USTA director of player development Martin Blackman going through some ball drills with junior players at the Ocean View courts. (Picture by Kenmore Bynoe.)
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Martin Blackman wants the juniors to stay in school. Barbados may have produced Darian King, but Blackman still believes the best way for the country to develop young tennis players is through the collegiate circuit.
The former ATP pro and current United States Tennis Association general manager of player development made the case during one of Sydney Lopez’s coaching clinics at the Ocean View courts.
“We have to continue to create that pathway for our players to get into the college circuit because that’s where most of them will develop and play high level competition,” explained the former Davis Cup legend.
“I know everyone wants to follow Darian and his is a great success story, but he is exceptional. Most players won’t be able to follow that path by just turning pro and being able to make it through Futures and Challengers like how he did.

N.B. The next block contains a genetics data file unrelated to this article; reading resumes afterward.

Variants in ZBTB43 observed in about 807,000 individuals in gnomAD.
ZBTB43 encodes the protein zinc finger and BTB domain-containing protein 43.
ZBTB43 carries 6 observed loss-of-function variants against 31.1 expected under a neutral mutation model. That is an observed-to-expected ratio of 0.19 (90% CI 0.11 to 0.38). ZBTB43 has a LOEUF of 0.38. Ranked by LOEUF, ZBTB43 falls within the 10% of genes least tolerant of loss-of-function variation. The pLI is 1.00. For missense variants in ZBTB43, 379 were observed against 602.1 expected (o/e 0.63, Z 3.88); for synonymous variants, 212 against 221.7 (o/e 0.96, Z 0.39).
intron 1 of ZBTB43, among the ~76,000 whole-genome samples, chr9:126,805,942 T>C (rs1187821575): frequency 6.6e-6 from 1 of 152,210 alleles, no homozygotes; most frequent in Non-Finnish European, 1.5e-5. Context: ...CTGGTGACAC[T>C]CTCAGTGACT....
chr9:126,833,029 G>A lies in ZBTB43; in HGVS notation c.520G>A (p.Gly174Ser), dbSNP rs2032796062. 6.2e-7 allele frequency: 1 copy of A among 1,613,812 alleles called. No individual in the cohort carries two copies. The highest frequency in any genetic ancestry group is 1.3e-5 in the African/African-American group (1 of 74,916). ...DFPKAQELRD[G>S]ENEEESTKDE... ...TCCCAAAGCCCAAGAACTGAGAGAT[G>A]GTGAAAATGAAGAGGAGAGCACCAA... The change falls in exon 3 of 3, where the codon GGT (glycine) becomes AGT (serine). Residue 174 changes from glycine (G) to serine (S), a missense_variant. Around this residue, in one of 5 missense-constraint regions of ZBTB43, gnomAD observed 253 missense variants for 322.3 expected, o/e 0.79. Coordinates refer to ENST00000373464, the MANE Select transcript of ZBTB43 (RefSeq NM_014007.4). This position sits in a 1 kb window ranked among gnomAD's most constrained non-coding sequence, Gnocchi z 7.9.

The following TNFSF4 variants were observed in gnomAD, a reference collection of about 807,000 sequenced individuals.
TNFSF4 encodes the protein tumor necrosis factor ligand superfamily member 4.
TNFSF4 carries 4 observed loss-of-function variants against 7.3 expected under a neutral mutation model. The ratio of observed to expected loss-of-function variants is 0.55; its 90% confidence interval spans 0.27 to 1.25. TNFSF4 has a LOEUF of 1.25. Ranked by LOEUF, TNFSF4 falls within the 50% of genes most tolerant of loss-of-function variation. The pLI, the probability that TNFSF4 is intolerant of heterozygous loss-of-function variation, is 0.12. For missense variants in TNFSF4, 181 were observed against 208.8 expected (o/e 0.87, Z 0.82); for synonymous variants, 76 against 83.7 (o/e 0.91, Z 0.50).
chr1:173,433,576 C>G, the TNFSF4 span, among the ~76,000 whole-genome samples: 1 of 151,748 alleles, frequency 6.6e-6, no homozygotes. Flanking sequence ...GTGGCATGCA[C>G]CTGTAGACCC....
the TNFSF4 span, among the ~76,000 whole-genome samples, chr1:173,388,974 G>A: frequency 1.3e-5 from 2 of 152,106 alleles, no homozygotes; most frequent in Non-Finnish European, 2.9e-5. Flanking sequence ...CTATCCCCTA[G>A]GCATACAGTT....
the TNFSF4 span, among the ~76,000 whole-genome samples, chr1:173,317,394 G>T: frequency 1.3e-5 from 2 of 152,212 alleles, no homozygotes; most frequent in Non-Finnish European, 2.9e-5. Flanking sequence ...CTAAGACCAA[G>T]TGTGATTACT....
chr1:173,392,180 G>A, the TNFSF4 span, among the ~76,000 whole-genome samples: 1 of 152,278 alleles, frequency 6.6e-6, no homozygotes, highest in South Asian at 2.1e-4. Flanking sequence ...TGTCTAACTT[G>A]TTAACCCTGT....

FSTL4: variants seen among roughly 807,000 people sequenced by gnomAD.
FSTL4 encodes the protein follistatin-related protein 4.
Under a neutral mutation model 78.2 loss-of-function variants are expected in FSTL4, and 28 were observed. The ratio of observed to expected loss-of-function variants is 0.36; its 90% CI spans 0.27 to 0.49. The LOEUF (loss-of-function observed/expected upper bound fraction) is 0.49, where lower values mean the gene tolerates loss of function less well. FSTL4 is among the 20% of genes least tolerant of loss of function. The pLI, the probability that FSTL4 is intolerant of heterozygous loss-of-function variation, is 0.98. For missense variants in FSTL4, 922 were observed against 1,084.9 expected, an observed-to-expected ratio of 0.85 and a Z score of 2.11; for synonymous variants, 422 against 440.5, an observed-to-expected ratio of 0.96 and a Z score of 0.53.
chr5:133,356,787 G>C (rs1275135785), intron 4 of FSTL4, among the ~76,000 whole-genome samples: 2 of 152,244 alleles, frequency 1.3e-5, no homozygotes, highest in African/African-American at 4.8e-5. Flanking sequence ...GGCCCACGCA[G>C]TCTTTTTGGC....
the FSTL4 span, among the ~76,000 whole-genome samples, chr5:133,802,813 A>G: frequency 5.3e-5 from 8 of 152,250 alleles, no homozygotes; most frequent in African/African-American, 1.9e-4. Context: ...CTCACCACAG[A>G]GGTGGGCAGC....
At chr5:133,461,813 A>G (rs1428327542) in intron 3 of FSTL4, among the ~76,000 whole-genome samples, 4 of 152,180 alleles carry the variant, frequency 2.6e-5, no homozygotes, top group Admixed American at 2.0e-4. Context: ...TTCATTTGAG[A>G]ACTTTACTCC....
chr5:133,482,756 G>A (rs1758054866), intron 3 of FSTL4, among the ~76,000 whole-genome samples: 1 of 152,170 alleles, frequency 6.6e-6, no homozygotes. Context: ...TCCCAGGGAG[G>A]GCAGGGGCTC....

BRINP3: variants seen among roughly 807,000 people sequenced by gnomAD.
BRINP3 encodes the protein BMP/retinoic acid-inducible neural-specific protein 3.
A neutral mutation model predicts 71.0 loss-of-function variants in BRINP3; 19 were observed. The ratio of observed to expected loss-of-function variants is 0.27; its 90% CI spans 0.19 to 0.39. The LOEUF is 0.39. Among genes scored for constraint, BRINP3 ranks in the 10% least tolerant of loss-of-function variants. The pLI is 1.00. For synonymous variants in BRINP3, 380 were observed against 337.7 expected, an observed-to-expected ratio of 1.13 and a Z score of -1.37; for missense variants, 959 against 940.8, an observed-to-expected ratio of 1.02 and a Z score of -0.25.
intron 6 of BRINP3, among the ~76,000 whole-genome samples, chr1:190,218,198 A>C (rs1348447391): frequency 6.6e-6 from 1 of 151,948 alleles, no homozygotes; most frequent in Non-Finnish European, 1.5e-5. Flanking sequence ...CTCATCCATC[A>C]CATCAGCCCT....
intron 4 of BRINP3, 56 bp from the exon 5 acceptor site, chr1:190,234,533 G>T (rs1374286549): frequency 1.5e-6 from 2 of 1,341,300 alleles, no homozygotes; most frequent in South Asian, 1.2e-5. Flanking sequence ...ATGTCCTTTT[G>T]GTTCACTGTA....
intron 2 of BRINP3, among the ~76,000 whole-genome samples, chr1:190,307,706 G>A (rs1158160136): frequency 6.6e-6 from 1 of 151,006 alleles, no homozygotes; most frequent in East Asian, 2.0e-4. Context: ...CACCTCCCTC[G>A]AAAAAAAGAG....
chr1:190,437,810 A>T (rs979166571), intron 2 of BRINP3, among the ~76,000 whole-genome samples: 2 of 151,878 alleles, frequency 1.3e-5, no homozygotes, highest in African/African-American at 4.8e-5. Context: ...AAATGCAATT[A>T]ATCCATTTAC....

“Maybe there will be another one or two, but our best bet is to get these kids into colleges so they continue playing tennis at a high level and then you see where it goes from there,” he added.
Blackman made the comments during a recent stopover in Barbados, where the Central Bank’s Grand Salle was just named after his father, Sir Courtney Blackman.
The younger Blackman did spend some time coaching King years ago, but most of Barbados’ recent Davis Cup players have passed through the collegiate ranks.
And Barbados continues to send junior players stateside, with no less than eight gifted youngsters all currently plying their trade at American colleges.
But many of the local competitions are still undersubscribed in the junior categories, leading the Barbados Tennis Association to create a new outreach programme.
“I am very impressed by the level of juniors by Sydney and in general and the level of organisation in the programme, so my advice would be to make sure that we get these kids into great programmes with great coaches at the ages from eight to 12 so they can learn the right fundamentals, footwork and habits,” said Blackman.
“After that, they need to be playing a lot of regional and international matches from 13 onwards, because there is no real substitute for high level competition for young players, and they can’t get that here at home playing local tournaments.” (JM)